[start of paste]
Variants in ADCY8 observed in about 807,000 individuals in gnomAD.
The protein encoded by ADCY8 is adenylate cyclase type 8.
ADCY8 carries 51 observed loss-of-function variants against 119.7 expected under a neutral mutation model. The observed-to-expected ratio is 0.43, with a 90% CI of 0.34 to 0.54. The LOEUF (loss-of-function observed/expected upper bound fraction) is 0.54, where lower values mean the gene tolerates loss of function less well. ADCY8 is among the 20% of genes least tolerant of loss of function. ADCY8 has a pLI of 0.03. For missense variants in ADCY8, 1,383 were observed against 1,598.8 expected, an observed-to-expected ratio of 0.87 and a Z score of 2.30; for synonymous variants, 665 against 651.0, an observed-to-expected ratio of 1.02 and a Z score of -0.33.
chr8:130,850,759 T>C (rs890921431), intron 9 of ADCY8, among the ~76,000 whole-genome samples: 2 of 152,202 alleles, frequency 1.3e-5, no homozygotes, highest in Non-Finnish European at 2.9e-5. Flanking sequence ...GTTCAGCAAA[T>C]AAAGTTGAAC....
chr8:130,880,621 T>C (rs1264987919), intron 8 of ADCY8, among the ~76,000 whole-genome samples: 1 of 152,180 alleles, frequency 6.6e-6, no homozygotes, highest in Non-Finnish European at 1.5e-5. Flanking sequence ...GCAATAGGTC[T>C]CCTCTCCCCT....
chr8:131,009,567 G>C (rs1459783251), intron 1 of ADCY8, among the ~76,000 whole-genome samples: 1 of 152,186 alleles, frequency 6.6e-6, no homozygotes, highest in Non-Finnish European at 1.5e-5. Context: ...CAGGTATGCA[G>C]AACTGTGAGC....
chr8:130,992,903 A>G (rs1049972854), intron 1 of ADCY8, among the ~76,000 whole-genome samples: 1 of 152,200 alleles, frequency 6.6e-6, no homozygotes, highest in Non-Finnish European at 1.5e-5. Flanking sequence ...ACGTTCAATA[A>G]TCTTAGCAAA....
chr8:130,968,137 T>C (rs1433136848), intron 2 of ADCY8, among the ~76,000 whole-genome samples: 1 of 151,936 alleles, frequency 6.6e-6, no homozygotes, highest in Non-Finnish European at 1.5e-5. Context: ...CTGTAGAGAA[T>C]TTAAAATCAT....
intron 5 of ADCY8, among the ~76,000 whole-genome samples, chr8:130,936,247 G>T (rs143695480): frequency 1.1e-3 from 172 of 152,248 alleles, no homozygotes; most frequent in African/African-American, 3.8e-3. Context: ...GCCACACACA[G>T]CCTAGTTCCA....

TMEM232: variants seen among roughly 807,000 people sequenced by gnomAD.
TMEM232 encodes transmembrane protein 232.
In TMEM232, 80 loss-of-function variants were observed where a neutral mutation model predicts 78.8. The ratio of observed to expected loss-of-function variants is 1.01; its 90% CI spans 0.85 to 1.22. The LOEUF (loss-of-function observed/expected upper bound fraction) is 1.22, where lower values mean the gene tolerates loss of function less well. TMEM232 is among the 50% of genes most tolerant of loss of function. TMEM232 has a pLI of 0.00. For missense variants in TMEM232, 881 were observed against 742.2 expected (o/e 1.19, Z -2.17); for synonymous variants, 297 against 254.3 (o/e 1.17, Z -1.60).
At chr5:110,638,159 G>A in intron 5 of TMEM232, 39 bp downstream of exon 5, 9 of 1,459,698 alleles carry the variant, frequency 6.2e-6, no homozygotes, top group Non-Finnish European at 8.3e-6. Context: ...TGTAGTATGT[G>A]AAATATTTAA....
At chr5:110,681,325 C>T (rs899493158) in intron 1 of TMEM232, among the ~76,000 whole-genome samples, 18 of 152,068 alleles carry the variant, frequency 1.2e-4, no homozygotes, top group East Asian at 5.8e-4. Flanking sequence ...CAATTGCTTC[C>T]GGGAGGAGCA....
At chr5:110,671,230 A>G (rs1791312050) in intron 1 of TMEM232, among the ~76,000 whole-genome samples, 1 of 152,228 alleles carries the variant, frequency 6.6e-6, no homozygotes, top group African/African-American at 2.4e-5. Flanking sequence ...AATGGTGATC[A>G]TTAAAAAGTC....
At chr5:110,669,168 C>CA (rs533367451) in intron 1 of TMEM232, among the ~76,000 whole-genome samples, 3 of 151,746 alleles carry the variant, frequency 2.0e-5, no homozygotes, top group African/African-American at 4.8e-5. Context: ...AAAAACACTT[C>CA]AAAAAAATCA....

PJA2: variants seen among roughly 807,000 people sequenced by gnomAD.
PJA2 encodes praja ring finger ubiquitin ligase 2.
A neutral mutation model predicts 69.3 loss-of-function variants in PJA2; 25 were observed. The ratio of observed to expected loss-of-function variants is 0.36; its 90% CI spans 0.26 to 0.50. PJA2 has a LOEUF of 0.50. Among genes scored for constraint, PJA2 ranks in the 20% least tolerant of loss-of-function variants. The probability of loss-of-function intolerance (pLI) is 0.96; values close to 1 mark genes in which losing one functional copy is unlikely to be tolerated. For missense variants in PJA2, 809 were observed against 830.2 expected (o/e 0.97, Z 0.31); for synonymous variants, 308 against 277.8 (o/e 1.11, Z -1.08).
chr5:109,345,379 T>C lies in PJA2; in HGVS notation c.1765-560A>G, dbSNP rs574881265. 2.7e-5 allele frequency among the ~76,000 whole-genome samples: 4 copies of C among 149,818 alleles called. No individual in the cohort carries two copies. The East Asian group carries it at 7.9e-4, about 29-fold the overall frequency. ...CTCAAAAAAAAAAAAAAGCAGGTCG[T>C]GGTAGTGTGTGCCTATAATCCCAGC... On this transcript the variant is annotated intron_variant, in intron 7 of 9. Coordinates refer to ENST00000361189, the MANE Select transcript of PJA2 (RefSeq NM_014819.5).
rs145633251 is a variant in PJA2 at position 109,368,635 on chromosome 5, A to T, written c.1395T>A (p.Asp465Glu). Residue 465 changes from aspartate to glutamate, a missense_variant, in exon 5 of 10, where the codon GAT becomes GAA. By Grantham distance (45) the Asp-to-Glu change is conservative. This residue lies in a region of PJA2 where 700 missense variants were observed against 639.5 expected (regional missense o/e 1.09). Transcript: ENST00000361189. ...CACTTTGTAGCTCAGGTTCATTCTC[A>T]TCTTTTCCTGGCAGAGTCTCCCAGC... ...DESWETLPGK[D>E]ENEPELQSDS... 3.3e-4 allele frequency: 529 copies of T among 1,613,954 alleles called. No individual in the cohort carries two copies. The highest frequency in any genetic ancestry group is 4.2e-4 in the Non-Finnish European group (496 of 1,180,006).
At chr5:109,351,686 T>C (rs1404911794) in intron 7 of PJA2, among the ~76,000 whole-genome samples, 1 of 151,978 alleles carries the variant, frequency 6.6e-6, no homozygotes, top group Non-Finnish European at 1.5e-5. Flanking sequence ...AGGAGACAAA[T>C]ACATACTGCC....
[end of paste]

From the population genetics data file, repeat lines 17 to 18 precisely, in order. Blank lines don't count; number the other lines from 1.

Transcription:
PJA2: variants seen among roughly 807,000 people sequenced by gnomAD.
PJA2 encodes praja ring finger ubiquitin ligase 2.